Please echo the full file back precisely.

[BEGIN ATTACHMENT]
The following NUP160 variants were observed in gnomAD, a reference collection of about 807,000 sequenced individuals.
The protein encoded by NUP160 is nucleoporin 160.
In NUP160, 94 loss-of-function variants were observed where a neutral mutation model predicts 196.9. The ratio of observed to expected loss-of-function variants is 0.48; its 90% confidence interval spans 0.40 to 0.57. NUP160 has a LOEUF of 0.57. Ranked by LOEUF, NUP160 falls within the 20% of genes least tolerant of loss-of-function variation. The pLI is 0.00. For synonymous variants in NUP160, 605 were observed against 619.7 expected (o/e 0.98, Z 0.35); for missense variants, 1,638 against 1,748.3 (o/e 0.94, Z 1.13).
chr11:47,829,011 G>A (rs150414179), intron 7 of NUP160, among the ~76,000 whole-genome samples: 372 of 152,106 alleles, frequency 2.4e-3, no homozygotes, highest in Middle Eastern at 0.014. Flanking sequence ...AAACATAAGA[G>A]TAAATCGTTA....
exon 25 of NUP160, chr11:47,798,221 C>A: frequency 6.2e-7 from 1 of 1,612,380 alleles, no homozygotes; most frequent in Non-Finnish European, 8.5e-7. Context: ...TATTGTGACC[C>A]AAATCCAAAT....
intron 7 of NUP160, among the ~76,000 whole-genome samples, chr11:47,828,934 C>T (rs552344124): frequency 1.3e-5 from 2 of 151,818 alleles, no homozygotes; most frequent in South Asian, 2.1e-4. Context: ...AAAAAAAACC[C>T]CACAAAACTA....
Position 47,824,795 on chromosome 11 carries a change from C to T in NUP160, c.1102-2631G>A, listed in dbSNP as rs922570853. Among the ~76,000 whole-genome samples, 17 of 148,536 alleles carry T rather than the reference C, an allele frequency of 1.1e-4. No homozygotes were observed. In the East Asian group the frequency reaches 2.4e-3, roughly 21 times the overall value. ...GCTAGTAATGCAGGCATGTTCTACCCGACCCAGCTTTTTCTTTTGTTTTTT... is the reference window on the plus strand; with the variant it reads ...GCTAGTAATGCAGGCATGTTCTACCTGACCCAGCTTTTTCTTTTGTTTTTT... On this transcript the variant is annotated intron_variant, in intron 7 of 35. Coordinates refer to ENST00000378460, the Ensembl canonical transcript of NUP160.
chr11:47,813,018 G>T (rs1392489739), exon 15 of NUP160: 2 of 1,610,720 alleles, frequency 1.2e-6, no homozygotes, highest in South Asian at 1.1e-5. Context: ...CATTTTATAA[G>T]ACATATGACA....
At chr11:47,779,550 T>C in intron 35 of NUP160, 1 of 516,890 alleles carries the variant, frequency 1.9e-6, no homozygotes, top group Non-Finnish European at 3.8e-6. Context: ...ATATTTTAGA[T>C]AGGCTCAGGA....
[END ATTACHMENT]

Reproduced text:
The following NUP160 variants were observed in gnomAD, a reference collection of about 807,000 sequenced individuals.
The protein encoded by NUP160 is nucleoporin 160.
In NUP160, 94 loss-of-function variants were observed where a neutral mutation model predicts 196.9. The ratio of observed to expected loss-of-function variants is 0.48; its 90% confidence interval spans 0.40 to 0.57. NUP160 has a LOEUF of 0.57. Ranked by LOEUF, NUP160 falls within the 20% of genes least tolerant of loss-of-function variation. The pLI is 0.00. For synonymous variants in NUP160, 605 were observed against 619.7 expected (o/e 0.98, Z 0.35); for missense variants, 1,638 against 1,748.3 (o/e 0.94, Z 1.13).
chr11:47,829,011 G>A (rs150414179), intron 7 of NUP160, among the ~76,000 whole-genome samples: 372 of 152,106 alleles, frequency 2.4e-3, no homozygotes, highest in Middle Eastern at 0.014. Flanking sequence ...AAACATAAGA[G>A]TAAATCGTTA....
exon 25 of NUP160, chr11:47,798,221 C>A: frequency 6.2e-7 from 1 of 1,612,380 alleles, no homozygotes; most frequent in Non-Finnish European, 8.5e-7. Context: ...TATTGTGACC[C>A]AAATCCAAAT....
intron 7 of NUP160, among the ~76,000 whole-genome samples, chr11:47,828,934 C>T (rs552344124): frequency 1.3e-5 from 2 of 151,818 alleles, no homozygotes; most frequent in South Asian, 2.1e-4. Context: ...AAAAAAAACC[C>T]CACAAAACTA....
Position 47,824,795 on chromosome 11 carries a change from C to T in NUP160, c.1102-2631G>A, listed in dbSNP as rs922570853. Among the ~76,000 whole-genome samples, 17 of 148,536 alleles carry T rather than the reference C, an allele frequency of 1.1e-4. No homozygotes were observed. In the East Asian group the frequency reaches 2.4e-3, roughly 21 times the overall value. ...GCTAGTAATGCAGGCATGTTCTACCCGACCCAGCTTTTTCTTTTGTTTTTT... is the reference window on the plus strand; with the variant it reads ...GCTAGTAATGCAGGCATGTTCTACCTGACCCAGCTTTTTCTTTTGTTTTTT... On this transcript the variant is annotated intron_variant, in intron 7 of 35. Coordinates refer to ENST00000378460, the Ensembl canonical transcript of NUP160.
chr11:47,813,018 G>T (rs1392489739), exon 15 of NUP160: 2 of 1,610,720 alleles, frequency 1.2e-6, no homozygotes, highest in South Asian at 1.1e-5. Context: ...CATTTTATAA[G>T]ACATATGACA....
At chr11:47,779,550 T>C in intron 35 of NUP160, 1 of 516,890 alleles carries the variant, frequency 1.9e-6, no homozygotes, top group Non-Finnish European at 3.8e-6. Context: ...ATATTTTAGA[T>C]AGGCTCAGGA....